# Sampling scattering direction around directions other than the last ray direction

In a path tracer, if we want to sample a ray direction in scattering medium, we can use phase function sampling, which actually use the direction of the ray before sampling as a sort of anchor to sample around (just like normal vector in surface scattering).

However, we could break this convention by devising new sampling approach. For example, if I want to point the ray towards the emitter. So maybe this sampling method does not sample around the incident (or, out-going, depends on what direction we are talking about) direction, as shown in the following figure. We sample $$\beta$$ instead of $$\theta$$. My question is: should we convert the PDF of $$\cos\beta$$ to $$\cos\theta$$? I think it is necessary when we want to use MIS. So how does this change of PDF work mathematically? Is this some kind of measure conversion like 'solid-angle to area product' problem? As I can tell, for example, if $$\cos\beta$$ is uniformly distributed, we won't have a uniformly distributed $$\cos\theta$$ so I think a conversion should be necessary.

I think I got the answer via extensive numerical simulation. The result of the simulation is not listed here, so if you need it then you can comment to let me know.

Ok, I think I've derived the mathematical form of this conversion, but whether the conversion is needed still remains unknown and I will leave it behind for now since I am contacting someone with this kind of area expertise to help, and the answer will be updated if I get a reasonable answer. But I do need some reassurance for the correctness of this derivation and I'd appreciate any help.

Ok so first we re-formulate the problem setup, as shown in the following figure: So we will always have $$\theta = \alpha - \beta$$ and note that $$\alpha$$ (its cosine term) is the value to sample for the new approach, $$\theta$$ is the angle for original phase function sampling and $$\beta$$ is a known constant (given the ray direction before sampling and the position of current vertex and target vertex). So: $$\frac{dP}{d\cos\theta} =\underbrace{\frac{dP}{d\cos\alpha}}_{\text{known, should be converted}} \times |\frac{d\cos\alpha}{d\cos\theta}| = \frac{dP}{d\cos\alpha} |\frac{d\cos\alpha}{d\alpha}\left(\frac{d\cos(\alpha - \beta)}{d\alpha}\right)^{-1}|\\ =\frac{dP}{d\cos\alpha} |\frac{\sin \alpha}{\sin(\alpha - \beta)}|$$ The term: $$|\frac{\sin \alpha}{\sin(\alpha - \beta)}|$$ should be able to do this conversion (if needed). Note that this is just a Jacobian conversion.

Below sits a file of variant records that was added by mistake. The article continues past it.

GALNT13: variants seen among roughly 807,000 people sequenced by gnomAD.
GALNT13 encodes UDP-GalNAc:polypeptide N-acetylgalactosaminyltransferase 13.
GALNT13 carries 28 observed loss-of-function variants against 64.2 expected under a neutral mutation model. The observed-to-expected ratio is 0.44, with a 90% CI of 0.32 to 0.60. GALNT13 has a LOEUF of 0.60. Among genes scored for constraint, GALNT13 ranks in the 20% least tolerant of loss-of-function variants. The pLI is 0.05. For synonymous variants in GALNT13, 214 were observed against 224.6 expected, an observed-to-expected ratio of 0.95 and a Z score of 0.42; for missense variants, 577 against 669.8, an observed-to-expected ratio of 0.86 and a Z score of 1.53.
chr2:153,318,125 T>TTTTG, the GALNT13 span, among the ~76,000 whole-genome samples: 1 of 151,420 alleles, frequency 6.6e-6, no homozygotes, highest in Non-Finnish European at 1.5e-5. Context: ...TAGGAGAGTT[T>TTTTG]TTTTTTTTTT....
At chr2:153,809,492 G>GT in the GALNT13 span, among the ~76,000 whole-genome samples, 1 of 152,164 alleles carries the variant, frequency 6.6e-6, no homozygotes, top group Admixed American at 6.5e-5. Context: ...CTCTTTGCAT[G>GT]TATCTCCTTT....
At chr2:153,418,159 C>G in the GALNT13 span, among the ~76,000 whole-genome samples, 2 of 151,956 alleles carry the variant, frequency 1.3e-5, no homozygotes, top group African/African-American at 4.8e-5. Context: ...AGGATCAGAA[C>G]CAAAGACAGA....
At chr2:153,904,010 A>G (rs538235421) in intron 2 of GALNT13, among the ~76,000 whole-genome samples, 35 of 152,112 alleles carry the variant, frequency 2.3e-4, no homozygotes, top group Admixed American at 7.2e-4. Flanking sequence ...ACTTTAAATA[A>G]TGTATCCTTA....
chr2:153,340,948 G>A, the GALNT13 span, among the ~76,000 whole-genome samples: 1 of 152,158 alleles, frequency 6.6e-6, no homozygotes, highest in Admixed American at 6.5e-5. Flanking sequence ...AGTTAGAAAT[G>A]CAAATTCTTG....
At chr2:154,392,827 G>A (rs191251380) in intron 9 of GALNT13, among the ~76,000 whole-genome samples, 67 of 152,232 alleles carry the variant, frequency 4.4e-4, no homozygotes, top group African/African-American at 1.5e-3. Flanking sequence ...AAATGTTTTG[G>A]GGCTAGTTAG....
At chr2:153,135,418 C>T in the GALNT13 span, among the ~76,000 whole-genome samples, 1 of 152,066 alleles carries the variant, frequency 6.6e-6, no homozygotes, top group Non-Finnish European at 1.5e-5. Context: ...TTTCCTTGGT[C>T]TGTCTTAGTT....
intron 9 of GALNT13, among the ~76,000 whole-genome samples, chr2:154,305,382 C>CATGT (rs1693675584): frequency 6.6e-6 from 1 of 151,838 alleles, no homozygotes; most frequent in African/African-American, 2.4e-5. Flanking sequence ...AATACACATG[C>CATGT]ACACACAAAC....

My point is, to apply MIS, we can't directly use PDF for sampling $$\theta$$ (cosine) and the PDF for sampling $$\alpha$$. The meaning of these two terms just doesn't match. We should convert both of them to the same meaning, like we are both talking about sampling $$\alpha$$ or $$\theta$$. I have done some numerical experiments, comparing hisogram of the cosine value with the analytical Jacobian I derived and I think the results match with each other.

So, this question now becomes:

• Whether my derivation is correct?
• The answer is yes. I did a numerical simulation, compared the histogram and the analytical curve and found they are matched.
• Whether this conversion is needed for MIS? Or even, since Monte Carlo estimator is of form $$f(x) / p(x)$$, should I multiply the PDF in the denominator by this Jacobian?
• I think the answer is no, it is not needed. A numerical simulation again showed that when I add this conversion, the result will not be correct (won't match).